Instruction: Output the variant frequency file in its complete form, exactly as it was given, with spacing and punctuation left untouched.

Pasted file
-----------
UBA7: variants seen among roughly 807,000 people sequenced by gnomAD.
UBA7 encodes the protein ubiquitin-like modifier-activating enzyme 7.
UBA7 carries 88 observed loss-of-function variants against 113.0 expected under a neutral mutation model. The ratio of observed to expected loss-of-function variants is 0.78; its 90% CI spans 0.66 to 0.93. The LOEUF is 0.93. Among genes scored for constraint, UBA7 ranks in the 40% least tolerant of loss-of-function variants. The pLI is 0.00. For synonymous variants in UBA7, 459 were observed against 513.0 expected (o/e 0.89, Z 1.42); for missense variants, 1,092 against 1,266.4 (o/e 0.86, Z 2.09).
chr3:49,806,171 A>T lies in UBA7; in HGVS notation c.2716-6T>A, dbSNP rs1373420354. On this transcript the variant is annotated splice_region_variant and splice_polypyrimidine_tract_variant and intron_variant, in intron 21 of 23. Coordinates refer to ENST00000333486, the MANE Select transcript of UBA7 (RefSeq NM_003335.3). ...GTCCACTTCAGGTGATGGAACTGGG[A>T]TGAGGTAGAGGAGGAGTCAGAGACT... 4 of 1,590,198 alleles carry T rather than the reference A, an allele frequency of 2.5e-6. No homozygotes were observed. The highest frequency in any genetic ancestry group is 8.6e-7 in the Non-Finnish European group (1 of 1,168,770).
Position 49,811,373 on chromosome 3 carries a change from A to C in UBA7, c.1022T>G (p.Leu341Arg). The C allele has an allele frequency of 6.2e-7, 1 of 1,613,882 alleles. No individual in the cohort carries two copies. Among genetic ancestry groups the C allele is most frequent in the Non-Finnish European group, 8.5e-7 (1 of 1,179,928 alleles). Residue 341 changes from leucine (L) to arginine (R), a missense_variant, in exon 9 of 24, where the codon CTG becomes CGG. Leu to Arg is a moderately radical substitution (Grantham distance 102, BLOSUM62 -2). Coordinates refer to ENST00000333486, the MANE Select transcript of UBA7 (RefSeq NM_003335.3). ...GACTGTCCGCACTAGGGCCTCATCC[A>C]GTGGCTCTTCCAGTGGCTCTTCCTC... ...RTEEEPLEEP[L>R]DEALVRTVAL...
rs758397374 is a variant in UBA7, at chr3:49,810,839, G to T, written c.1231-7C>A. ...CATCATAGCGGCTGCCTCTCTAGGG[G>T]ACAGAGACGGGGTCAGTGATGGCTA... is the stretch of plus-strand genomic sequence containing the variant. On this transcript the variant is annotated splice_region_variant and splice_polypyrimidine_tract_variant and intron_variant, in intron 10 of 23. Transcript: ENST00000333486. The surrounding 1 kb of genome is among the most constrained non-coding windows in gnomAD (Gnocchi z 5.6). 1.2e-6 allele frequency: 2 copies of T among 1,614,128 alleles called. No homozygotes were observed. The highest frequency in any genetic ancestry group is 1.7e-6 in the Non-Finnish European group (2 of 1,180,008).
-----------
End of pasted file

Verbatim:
UBA7: variants seen among roughly 807,000 people sequenced by gnomAD.
UBA7 encodes the protein ubiquitin-like modifier-activating enzyme 7.
UBA7 carries 88 observed loss-of-function variants against 113.0 expected under a neutral mutation model. The ratio of observed to expected loss-of-function variants is 0.78; its 90% CI spans 0.66 to 0.93. The LOEUF is 0.93. Among genes scored for constraint, UBA7 ranks in the 40% least tolerant of loss-of-function variants. The pLI is 0.00. For synonymous variants in UBA7, 459 were observed against 513.0 expected (o/e 0.89, Z 1.42); for missense variants, 1,092 against 1,266.4 (o/e 0.86, Z 2.09).
chr3:49,806,171 A>T lies in UBA7; in HGVS notation c.2716-6T>A, dbSNP rs1373420354. On this transcript the variant is annotated splice_region_variant and splice_polypyrimidine_tract_variant and intron_variant, in intron 21 of 23. Coordinates refer to ENST00000333486, the MANE Select transcript of UBA7 (RefSeq NM_003335.3). ...GTCCACTTCAGGTGATGGAACTGGG[A>T]TGAGGTAGAGGAGGAGTCAGAGACT... 4 of 1,590,198 alleles carry T rather than the reference A, an allele frequency of 2.5e-6. No homozygotes were observed. The highest frequency in any genetic ancestry group is 8.6e-7 in the Non-Finnish European group (1 of 1,168,770).
Position 49,811,373 on chromosome 3 carries a change from A to C in UBA7, c.1022T>G (p.Leu341Arg). The C allele has an allele frequency of 6.2e-7, 1 of 1,613,882 alleles. No individual in the cohort carries two copies. Among genetic ancestry groups the C allele is most frequent in the Non-Finnish European group, 8.5e-7 (1 of 1,179,928 alleles). Residue 341 changes from leucine (L) to arginine (R), a missense_variant, in exon 9 of 24, where the codon CTG becomes CGG. Leu to Arg is a moderately radical substitution (Grantham distance 102, BLOSUM62 -2). Coordinates refer to ENST00000333486, the MANE Select transcript of UBA7 (RefSeq NM_003335.3). ...GACTGTCCGCACTAGGGCCTCATCC[A>C]GTGGCTCTTCCAGTGGCTCTTCCTC... ...RTEEEPLEEP[L>R]DEALVRTVAL...
rs758397374 is a variant in UBA7, at chr3:49,810,839, G to T, written c.1231-7C>A. ...CATCATAGCGGCTGCCTCTCTAGGG[G>T]ACAGAGACGGGGTCAGTGATGGCTA... is the stretch of plus-strand genomic sequence containing the variant. On this transcript the variant is annotated splice_region_variant and splice_polypyrimidine_tract_variant and intron_variant, in intron 10 of 23. Transcript: ENST00000333486. The surrounding 1 kb of genome is among the most constrained non-coding windows in gnomAD (Gnocchi z 5.6). 1.2e-6 allele frequency: 2 copies of T among 1,614,128 alleles called. No homozygotes were observed. The highest frequency in any genetic ancestry group is 1.7e-6 in the Non-Finnish European group (2 of 1,180,008).